In 1931, Erskine's NILCO and Sylvania companies and Frank Poor's Hygrade Lamp Company merged into one company, now known as the Hygrade Sylvania Corporation. Then, in 1939, Hygrade Sylvania started preliminary research on a new project involving fluorescent technology, and later that year, introduced the first linear, or tubular, fluorescent lamp ever made. It was offered for sale under the Sylvania name. Quite an innovation, the new lamp was prominently featured at the 1939 World’s Fair in New York. But while the new lights were quite the attention-getters, there were no commercially available fixtures available for them. 1940 saw the opening of the first-ever fluorescent fixture manufacturing plant. Sylvania located the plant in Ipswich, Massachusetts. In 1941, Sylvania followed their triumph by opening their new fluorescent lamp factory, the world’s first.
American involvement in World War II prevented the manufacture of consumer-oriented products for several years, but the plants were kept quite busy in filling multiple Government contracts for bulbs and fixtures for use in the Armed Forces. In December, 1945, just a few months after the War had ended, Sylvania was the first major company to offer Christmas lights again. This time, Sylvania marketed their new innovation: fluorescent Christmas lights.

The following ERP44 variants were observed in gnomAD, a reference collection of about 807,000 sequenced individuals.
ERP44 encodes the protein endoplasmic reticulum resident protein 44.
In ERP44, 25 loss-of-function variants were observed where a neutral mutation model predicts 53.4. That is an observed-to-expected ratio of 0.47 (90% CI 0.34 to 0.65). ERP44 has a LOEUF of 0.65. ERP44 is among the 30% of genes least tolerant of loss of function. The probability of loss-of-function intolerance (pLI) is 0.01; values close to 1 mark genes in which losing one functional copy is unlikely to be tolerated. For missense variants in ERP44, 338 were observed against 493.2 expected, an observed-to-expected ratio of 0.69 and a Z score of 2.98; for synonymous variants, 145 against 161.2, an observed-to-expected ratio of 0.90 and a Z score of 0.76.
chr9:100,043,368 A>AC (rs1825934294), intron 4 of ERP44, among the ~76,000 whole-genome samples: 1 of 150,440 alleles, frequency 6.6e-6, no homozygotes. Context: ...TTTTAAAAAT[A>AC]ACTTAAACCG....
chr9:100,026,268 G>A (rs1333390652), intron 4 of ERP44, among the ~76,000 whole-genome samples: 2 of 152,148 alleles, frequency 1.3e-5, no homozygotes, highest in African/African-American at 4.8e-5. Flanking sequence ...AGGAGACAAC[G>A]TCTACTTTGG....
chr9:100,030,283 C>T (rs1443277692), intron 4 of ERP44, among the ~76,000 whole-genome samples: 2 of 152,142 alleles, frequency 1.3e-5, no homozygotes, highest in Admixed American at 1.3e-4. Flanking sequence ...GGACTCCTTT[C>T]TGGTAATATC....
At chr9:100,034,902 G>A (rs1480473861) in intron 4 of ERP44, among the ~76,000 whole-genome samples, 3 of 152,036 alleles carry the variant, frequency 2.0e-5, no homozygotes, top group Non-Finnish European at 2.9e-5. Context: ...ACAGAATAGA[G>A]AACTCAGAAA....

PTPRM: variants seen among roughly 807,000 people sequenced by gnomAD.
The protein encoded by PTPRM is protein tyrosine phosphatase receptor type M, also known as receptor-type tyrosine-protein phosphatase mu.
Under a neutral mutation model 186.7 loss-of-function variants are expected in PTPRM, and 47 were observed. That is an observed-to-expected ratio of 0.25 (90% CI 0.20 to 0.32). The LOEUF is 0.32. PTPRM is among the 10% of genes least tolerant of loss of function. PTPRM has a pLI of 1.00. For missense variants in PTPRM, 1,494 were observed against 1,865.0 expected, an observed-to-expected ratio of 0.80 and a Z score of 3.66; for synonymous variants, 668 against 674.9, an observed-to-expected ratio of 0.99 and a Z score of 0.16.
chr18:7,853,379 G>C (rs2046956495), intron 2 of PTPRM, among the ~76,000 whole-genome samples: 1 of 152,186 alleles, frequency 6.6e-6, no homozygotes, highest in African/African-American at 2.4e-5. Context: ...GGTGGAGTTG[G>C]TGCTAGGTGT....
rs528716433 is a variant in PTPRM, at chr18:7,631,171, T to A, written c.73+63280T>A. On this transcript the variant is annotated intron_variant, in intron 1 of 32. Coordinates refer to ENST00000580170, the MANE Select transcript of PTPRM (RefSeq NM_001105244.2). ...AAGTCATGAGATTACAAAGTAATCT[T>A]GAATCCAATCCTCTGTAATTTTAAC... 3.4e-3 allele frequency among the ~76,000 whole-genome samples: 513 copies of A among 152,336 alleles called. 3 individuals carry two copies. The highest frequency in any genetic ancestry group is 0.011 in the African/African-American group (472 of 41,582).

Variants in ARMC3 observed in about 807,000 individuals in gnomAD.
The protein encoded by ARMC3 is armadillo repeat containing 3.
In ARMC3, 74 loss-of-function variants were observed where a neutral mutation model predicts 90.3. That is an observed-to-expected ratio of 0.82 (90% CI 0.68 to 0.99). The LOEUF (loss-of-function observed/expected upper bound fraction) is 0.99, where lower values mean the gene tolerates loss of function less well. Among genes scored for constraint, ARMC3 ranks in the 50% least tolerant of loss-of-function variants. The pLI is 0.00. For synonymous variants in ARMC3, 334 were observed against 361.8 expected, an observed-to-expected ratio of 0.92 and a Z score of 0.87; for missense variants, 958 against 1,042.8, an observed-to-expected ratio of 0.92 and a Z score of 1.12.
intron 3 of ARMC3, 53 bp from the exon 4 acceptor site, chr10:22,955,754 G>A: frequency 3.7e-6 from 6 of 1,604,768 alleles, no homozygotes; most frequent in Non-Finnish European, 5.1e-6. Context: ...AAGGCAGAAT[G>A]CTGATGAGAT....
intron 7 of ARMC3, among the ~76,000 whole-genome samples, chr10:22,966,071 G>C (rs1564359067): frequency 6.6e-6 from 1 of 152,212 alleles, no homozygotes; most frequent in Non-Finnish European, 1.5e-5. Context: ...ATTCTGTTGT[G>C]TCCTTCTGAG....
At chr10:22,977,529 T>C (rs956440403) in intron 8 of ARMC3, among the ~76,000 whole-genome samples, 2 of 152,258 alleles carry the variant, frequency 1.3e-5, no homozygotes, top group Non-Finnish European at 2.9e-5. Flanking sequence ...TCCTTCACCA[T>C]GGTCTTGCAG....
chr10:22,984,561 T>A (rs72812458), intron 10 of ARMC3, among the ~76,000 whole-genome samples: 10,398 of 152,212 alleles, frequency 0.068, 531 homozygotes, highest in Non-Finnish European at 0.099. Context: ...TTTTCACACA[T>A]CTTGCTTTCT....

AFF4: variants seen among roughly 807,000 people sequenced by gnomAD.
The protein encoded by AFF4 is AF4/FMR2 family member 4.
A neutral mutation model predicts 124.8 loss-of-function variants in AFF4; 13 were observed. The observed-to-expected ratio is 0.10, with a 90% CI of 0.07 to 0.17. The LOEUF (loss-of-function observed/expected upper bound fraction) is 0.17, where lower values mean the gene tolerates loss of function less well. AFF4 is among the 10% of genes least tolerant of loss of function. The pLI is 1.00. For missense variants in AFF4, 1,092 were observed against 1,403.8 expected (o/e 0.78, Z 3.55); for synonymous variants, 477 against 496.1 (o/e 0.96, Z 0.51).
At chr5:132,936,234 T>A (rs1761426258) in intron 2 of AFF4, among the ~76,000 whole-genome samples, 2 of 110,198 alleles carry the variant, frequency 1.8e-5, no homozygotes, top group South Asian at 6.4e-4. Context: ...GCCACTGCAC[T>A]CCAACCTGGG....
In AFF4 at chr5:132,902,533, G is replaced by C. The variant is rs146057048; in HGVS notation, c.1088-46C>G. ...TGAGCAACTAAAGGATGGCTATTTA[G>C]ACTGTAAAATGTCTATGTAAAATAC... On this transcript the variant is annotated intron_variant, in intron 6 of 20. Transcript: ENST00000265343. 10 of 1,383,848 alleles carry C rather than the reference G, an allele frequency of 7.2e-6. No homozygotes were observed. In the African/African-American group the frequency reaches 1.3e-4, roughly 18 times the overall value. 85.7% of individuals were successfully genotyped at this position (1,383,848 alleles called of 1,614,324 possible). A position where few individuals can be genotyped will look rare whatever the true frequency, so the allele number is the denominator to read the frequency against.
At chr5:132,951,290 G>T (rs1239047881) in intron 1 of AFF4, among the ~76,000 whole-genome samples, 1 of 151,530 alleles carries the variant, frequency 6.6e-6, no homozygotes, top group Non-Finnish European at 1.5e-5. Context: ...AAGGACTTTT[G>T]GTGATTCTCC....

In 1959, Sylvania was acquired by General Telephone, and in 1971, the name was changed to GTE Sylvania, Incorporated. In 1993, OSRAM GmbH purchased GTE Sylvania’s North American operations and formed OSRAM SYLVANIA, which is in business to this day.(from oldchristmaslights.com)






MATTHIAS BENZINGER
MATTHIAS BENZINGER
BORN ON FEB 12 1800 AT FORCHEIM , BADEN, SON OF GEORGE ANTON AND MARIA ANNA (MILLER) BENZINGER. HE EMIGRATED TO THE US IN 1817 IN THE CHARGE OF CHRISTIAN WEIS, HIS WIFE AND THEIR CHILDREN. CHRISTIAN WEIS SECURED A JOB WITHA MR. CREY A CONTARCTOR IN BALTIMORE. HE LATER MARRIED CREY'S DAUGHTER MARY CATHERINE ON OCT 15TH 1822. THEY HAD 7 CHILDREN , AND AMRY CATHERINE DIED 1837-1838. NOV. 4, 1839 HE MARRIED ELIZABETH R. COOK, SHE WAS 18 AND HE WAS 39. THEY HAD 12 CHILDREN BUT ONLY SIX SURVIVED HIM.(TAKEN FROM THE GRIST OLD MILLS ARTICLES)